Wiigh-Mäsak started pondering sometime in the late 90’s on the bad logic that we don’t really smoothly return to earth and become shadow and dust, but rather rot in coffins and at long length make it out of the coffins in the form of harmful liquids tainting the soil and subsoil water, or are disbanded all over the atmosphere in cremation. While I personally like the idea of being sent of in particles too small to see, one must admit she has a case.
Wiigh-Mäsak’s sollution, soon to be rolled out by her enterprise Promessa Organic Inc., is to freeze-dry corpses with liquid nitrogen, and then bury them in coffins made of corn starch, just a foot below ground. She further suggests a tree or bush to be planted above the coffin, as primary beneficiary of the soon-to-be-mould corpse and coffin. This new method obviously sparks questions on ethics (“liquid nitrogen” has a rather unethical ring to it, no?), questions to which Wiigh-Mäsak gave this reply, to Filter:
I would like to show [the Swedish IRS] a twenty year old grave. After that, we could discuss ethics.
Fall is a wonderful time to visit the Bronx. In addition to the changing seasons, this weekend you have an even greater incentive to head to the borough of parks: Jill Sigman‘s ” Our Lady of Detritus.”
“A portable, interdisciplinary performance installation about trash and transcendence; a traveling grassroots campaign fueled by experimentation, green energy sources and community interaction.”
via the Freshkills Park Blog
By now, you surely know all about the super hip Trash Track. For our UK readers, there are possibilities of getting your very own refuse involved! New Scientist are currently accepting applications for UK trash to be tracked, closing September 30th. As there’s only one spot open, make sure to carefully craft that 75 word motivation on what you would like to tag and why. And do let us know what you submit!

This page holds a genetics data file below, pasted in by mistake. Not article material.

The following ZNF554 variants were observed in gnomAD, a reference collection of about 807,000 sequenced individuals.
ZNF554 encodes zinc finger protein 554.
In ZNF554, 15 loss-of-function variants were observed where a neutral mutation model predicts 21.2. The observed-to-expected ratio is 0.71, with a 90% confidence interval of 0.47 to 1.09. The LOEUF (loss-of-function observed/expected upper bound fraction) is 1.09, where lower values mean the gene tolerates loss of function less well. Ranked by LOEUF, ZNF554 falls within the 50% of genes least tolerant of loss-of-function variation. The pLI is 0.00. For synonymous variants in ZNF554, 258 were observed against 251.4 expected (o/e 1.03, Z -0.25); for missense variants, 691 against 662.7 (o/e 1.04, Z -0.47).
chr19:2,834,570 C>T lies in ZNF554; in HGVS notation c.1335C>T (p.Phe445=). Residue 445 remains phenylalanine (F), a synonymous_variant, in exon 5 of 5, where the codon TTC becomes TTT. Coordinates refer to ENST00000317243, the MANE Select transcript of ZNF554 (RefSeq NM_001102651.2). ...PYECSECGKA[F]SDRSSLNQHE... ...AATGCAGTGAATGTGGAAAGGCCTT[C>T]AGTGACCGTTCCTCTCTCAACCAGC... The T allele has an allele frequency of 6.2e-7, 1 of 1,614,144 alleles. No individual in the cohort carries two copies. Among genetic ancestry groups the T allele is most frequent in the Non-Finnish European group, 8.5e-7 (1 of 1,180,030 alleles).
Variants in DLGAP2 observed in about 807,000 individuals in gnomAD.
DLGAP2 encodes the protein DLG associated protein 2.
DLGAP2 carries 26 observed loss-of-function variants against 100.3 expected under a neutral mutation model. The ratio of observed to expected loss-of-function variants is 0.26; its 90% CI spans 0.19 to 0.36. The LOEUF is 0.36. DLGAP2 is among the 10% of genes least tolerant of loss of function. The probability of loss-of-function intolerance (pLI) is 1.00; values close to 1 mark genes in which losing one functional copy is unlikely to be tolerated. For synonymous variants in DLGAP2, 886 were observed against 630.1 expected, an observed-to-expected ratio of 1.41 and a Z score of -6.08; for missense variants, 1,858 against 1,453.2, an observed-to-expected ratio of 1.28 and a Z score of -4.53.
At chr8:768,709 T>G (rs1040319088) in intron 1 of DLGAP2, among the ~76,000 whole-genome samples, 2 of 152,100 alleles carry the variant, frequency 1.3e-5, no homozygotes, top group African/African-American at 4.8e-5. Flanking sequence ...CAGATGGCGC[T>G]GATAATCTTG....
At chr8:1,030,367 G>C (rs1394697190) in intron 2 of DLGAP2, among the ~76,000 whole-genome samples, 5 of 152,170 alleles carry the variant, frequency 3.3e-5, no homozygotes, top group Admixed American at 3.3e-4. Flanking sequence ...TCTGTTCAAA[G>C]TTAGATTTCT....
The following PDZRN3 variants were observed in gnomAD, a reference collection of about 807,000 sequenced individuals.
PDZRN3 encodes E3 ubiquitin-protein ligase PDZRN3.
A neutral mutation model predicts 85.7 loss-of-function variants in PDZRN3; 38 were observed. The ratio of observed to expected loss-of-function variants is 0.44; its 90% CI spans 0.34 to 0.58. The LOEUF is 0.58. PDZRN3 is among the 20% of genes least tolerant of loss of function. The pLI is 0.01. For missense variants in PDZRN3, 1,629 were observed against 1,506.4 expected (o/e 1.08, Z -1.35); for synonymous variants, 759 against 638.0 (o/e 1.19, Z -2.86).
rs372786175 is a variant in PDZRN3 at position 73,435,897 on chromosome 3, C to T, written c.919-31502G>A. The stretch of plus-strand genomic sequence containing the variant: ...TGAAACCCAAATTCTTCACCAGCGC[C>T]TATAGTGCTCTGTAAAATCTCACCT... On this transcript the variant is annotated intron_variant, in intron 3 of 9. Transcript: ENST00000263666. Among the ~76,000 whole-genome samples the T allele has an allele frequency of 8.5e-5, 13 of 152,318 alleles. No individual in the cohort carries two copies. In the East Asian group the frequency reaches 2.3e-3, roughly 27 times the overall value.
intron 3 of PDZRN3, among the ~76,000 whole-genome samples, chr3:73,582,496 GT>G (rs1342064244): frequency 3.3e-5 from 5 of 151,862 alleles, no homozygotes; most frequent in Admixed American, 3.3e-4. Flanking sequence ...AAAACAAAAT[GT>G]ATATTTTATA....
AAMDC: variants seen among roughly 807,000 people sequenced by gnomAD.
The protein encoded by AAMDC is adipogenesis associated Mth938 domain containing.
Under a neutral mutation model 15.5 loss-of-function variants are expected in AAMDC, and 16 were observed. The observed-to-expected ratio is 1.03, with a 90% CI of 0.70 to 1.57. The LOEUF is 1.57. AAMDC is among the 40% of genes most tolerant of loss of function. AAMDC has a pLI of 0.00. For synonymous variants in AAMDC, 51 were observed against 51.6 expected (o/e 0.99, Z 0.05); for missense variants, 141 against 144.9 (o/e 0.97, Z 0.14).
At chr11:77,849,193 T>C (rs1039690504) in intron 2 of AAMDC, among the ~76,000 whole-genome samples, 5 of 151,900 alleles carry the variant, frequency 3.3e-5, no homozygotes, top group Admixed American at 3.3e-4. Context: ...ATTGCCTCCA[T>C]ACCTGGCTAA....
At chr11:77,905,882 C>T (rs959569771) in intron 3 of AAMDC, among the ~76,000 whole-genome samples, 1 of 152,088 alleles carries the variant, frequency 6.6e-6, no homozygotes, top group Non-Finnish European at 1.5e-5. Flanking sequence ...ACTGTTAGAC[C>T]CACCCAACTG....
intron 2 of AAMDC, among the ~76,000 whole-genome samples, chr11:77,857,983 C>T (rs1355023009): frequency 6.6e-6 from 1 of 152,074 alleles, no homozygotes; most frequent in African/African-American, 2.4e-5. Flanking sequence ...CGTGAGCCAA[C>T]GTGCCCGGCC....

Back from the motherland, thinking “honestly, what are they thinking?”
Background: Swedish Public Radio are reporting today on food waste. Previously, this discusson has been focusing mainly on households (who throw out about 11 pounds of edible food every week). Today our lovely radio turned the attention to supermarkets: Annualy, supermarkets in Sweden (population 9 million) throw away 110 000 us short tonnes of perfectly edible food. Value US$ 292 million. Food giants are saying that they only do what customers want them to do, and that putting “old” food on sale is bad for their corporate image.
Again: What are they thinking? (I’m thinking I should resaddle and head into the food business. There’s obviously lots of tra$h to collect.)
For those of you who now feel guilty, check out Love Food Hate Waste, a nice little UK resource on how to at least avoid this in your home. They have recepies!
I’m back! So much trash to catch up on. For starters, last week the Wall Street Journal compared the environmental impact, usability and, of course, stylishness, of reusable shopping bags in this slide show.
I’m heading to Rio, Vic is heading to Stockholm, it may be a slow week for garblogging. Catch you on the other side of the long weekend. Hopefully we’ll return with fun tales of foreign trash. Like this rad ecological center in Brazil. Thanks for the link, Keith!